More than a seat at the table: Initiative aims to hire diverse faculty
As an undergraduate, Miya Carey never imagined a career as a historian until she took her first history course from a Black female professor.
Now a Presidential Postdoctoral Diversity Fellow, Carey received mentorship throughout her education from Black women in the history field. Without them, she said, it’s unlikely that she would be teaching at Binghamton University today.
Public universities are diverse spaces, drawing students from a wide range of backgrounds in terms of race, gender, ethnicity, sexual orientation, religion, ability and more. But in the State University of New York (SUNY) system, a major gap yawns between the diversity of the student body and the faculty who instruct them.
In fall 2018, 28.5% of SUNY students came from underrepresented minorities, compared to just 8.6% of faculty. That gap is only expected to worsen unless campuses take measures to overhaul their hiring processes, according to SUNY.
To address the situation, in 2019 SUNY unveiled Promoting Recruitment, Opportunity, Diversity, Inclusion and Growth (PRODiG), which aims to hire 1,000 professors from underrepresented groups by 2030. These historically underrepresented groups include Blacks, Latinx, Native Americans, Alaskan Natives and Pacific Islanders in all fields, as well as women of all races and ethnicities in science, technology, engineering and math (STEM).
To encourage the hiring of diverse faculty, former Harpur College of Arts and Sciences Dean Elizabeth Chilton proposed a cluster hire centered on “Critical Studies in Race and Inequality,” with a particular emphasis on scholars who are deeply connected to and integrated into the communities they study. As a practice, cluster hires seek out prospective faculty members based on their involvement in and shared commitment to a multidisciplinary research area that is meaningful to communities of color and likely to attract a diverse pool of candidates
Initiatives such as the cluster hire can spark discussion as to department priorities. Many times, departments seek to hire individuals with a particular academic area or focus, explained Harpur College Professor and Associate Dean Nancy Um.
“Diversity is also an intellectual imperative. This needs to be part of our set of goals,” she said. “These are programs that work to both diversify and fortify our faculty.”
Initially, Harpur searched for three positions in sociology, English and psychology, hiring Leigh-Anna Hidalgo for the first slot. Searches for the other positions were cut short due to the sudden constraints on travel and interviewing brought about by the coronavirus pandemic. A search for the psychology position, which will be shared with Africana Studies, will move forward this year.
Looking forward, Harpur will also appoint Carey to an assistant professorship when her fellowship expires in 2021. The postdoctoral fellowship, which can lead to a tenure-track position, allows Binghamton to recruit highly qualified candidates for research and scholarship in disciplines that have found it difficult to attract a diverse faculty. Incoming Presidential Diversity Postdoctoral Fellows for 2020-2021 include Kuwanna Pietras-Dyer in geological sciences and Mateo Duque in philosophy.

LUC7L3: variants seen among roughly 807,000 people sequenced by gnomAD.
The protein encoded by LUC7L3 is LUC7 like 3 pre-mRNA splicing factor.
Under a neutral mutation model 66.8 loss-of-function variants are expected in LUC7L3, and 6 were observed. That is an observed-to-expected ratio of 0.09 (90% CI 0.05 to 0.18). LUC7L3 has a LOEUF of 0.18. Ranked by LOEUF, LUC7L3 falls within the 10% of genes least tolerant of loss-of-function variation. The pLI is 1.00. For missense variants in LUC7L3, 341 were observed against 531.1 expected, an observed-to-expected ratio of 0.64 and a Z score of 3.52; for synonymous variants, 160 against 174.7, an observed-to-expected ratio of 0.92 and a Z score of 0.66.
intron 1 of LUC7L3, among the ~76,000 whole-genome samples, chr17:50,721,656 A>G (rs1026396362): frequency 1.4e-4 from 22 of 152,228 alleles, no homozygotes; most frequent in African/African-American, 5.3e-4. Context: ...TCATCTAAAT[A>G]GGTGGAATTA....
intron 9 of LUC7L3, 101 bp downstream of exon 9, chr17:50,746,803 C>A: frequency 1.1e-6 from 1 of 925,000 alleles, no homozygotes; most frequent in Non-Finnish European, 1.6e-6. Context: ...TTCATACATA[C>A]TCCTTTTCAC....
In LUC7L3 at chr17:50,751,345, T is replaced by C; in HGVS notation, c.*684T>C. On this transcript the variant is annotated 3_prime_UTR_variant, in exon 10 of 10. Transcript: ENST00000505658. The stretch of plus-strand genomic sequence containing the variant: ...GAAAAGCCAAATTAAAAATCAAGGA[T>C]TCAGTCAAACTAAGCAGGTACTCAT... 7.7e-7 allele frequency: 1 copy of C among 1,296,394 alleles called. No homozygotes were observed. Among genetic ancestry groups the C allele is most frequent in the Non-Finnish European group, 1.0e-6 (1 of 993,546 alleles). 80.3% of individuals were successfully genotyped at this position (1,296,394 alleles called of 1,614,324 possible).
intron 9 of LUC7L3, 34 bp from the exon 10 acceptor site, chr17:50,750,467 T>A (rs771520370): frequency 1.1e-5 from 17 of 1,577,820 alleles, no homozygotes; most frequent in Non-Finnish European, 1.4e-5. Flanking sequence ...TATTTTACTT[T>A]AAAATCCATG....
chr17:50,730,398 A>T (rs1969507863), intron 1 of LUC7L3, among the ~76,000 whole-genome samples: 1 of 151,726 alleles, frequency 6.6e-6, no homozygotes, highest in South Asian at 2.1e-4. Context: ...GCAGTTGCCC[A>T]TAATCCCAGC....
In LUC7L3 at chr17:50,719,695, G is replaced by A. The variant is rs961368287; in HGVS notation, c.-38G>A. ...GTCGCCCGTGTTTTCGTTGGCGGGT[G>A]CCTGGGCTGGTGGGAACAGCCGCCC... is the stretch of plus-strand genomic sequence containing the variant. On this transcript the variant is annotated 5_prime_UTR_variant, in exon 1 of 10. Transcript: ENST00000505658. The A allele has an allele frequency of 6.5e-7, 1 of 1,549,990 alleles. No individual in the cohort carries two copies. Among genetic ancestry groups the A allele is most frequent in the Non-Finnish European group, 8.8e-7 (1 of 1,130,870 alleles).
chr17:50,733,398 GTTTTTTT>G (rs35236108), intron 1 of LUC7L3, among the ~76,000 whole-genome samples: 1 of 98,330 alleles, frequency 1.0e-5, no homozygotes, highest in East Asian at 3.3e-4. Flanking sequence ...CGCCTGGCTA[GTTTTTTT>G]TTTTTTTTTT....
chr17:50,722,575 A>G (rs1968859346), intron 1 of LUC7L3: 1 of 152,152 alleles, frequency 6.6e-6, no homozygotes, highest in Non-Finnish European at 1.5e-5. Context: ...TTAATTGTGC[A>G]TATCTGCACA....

“There is great value in having students from underrepresented groups see someone who looks like them standing at the front of the classroom. And while it’s important to give underrepresented groups ‘a seat at the table,’ that’s just the first step,” Carey said. “The life experiences and perspectives that underrepresented faculty bring to the table have the power to highlight and influence institutional change, which is necessary for true equity for all.”
Hidalgo, an assistant professor in sociology, will teach Latinx Life and Justice in the City, a class that explores the impact of issues ranging from gentrification to policing practices, and Informal Cities, a course on the informal economy that includes day laborers, domestic workers, street vendors and similar occupations.
Hidalgo researches the informal economy, drawing on her own childhood experience of working alongside her father, a Central American immigrant.
Carey’s research also fits the theme of Critical Studies in Race and Inequality, and she is currently turning her doctoral dissertation on Black girlhood in Washington, D.C. from the 1930s through the 1960s into a book manuscript. As a postdoctoral fellow, she is teaching courses in Race and Childhood in America and African-American Women’s History; she plans to continue to teach these subjects as an assistant professor, along with others related to African-American history, gender and race, and race and childhood.
Hidalgo is proud to be the first faculty member hired under the cluster hire initiative, which she hopes will expand. As a public university system, SUNY must have a commitment to diversity in all its manifestations, she said.
“Public universities need to reflect the public. Everyone is putting money into the pot to make these public universities happen,” Hidalgo said. “When we have initiatives like this, we have the potential to bring in new types of knowledge and that’s the ultimate goal for the University.”